^ I also suspect that it wouldn´t hurt to lose album covers like these if he wants to be taken seriously as a composer - or is that part of the obscurist charm, I wonder ?

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Old 08-03-2013, 10:35 PM   #24 (permalink)
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Quote:
Originally Posted by Lisnaholic View Post
Bebo Best:-
At first run-through, I really liked the songs that you posted, though I´m not quite as enthusiastic as Miss P - I feel like they are missing a bit of exploratory jazz workout in the middle of them, as if Bebo or someone kept too tight a reign on the song structure. Still that´s just a first impression, so I still have some listening to do.

What I really enjoyed was reading about this obscure material that I´ve never heard of, and I was particularly impressed when you placed Bebo in the context of Italian culture since the Romans. That was very neatly done!



^ I also suspect that it wouldn´t hurt to lose album covers like these if he wants to be taken seriously as a composer - or is that part of the obscurist charm, I wonder ?

I think there's a certain amount of obscurantist irony going on with the album with the cheesecake album covers. It's wry comment on the sexy lounge and easy listening album cover art of the 50s and 60s. I can also understand how some people would get turned off by cartoonish caricatures of females.

I think most of Mr. Best's songs are tightly arranged which is technically "fake" jazz; or what some music critics are calling "Nu-jazz" with the misspelling as a code to indicate the fakery of the musical form. But I'm not surprised because the entire outernational music movement is built upon the idea of electronic enhancement of the music of traditional musical forms.

I can't find any live performances of the Super Lounge Orchestra on YouTube, which would allow me to assess their improvisational skills. However, I don't place that much of premium on improvisational skills in lounge and soundtrack music because nearly all of it is tightly arranged. I think of Bebo Best as being a counterpart to someone like Quincy Jones who definitely who wrote tight arrangements to his jazz big band compositions.
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Old 08-20-2013, 08:56 PM   #25 (permalink)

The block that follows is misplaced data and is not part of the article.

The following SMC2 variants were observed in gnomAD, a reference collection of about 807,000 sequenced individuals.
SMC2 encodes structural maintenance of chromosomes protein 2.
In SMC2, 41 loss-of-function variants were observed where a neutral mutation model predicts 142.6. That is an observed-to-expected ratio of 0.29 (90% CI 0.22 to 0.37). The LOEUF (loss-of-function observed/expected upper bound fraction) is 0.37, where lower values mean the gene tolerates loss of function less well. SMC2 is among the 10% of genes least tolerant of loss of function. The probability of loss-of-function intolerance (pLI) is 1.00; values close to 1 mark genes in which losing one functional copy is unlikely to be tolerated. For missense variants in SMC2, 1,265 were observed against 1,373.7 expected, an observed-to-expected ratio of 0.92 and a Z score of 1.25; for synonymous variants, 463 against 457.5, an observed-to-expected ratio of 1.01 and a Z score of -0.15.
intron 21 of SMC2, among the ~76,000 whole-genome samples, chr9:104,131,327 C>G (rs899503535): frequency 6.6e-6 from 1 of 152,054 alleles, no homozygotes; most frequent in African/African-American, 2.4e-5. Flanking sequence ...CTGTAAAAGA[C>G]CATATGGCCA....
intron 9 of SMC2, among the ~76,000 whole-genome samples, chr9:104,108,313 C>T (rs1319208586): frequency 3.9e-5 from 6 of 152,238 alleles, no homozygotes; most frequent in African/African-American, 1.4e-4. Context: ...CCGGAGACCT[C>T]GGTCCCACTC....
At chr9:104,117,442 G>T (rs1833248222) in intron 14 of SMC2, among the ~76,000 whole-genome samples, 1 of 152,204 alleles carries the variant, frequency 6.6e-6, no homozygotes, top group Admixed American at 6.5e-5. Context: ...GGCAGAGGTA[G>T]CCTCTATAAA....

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Thanks for explaining that the term "Nu-Jazz" refers to more than just the date of manufacture - I didn´t realise that.

I´m still working my way though some of your selections, Gavin, and listened to Elizabeth Butterfly yesterday. They seemed nice, rather light to me, but I´m going to play them again as you recommend them so highly:-
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Easy Paris is far and away my favorite outernational album. The sad thing is I've never seen Easy Paris for sale anywhere in the United States and I have no idea of what happened to Elizabeth Butterfly following my 2002 trip to Paris. She obviously did not go onto international fame as a deejay or producer, and I know of no other albums by her...But we still have Paris in the summer of 2002.
^

BTW, watch out for a thread on BaBa ZuLa opening tomorrow, if you like African Head Charge, you may like them too.
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Old 08-21-2013, 10:25 AM   #26 (permalink)
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For those unacquainted with the musical term Nu Jazz, here's a couple of definitions.

From Wiki:
Nu jazz is an umbrella term coined in the late 1990s to refer to music that blends jazz elements with other musical styles, such as funk, soul, electronic dance music, and free improvisation.[1] Also written nü-jazz or NuJazz, it is sometimes called electronic jazz, electro-jazz, electric jazz, e-jazz, jazztronica, jazz house, phusion, neo-jazz, future jazz or jazz-hop.

Music critic Tony Brewer:
“Nu Jazz is to (traditional) Jazz what punk or grunge was to Rock, of course. [...] The songs are the focus, not the individual prowess of the musicians. Nu Jazz instrumentation ranges from the traditional to the experimental, the melodies are fresh, and the rhythms new and alive. It makes Jazz fun again.”
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Old 05-09-2015, 09:02 PM   #27 (permalink)
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Despite GavinB' s explanations, I never really understood what outernational music was. Maybe this song, with elements of what ? cabaret ? folk ? would be considered outernational :-



Unfortunately, GavinB seems to have abandoned us, so we may never know.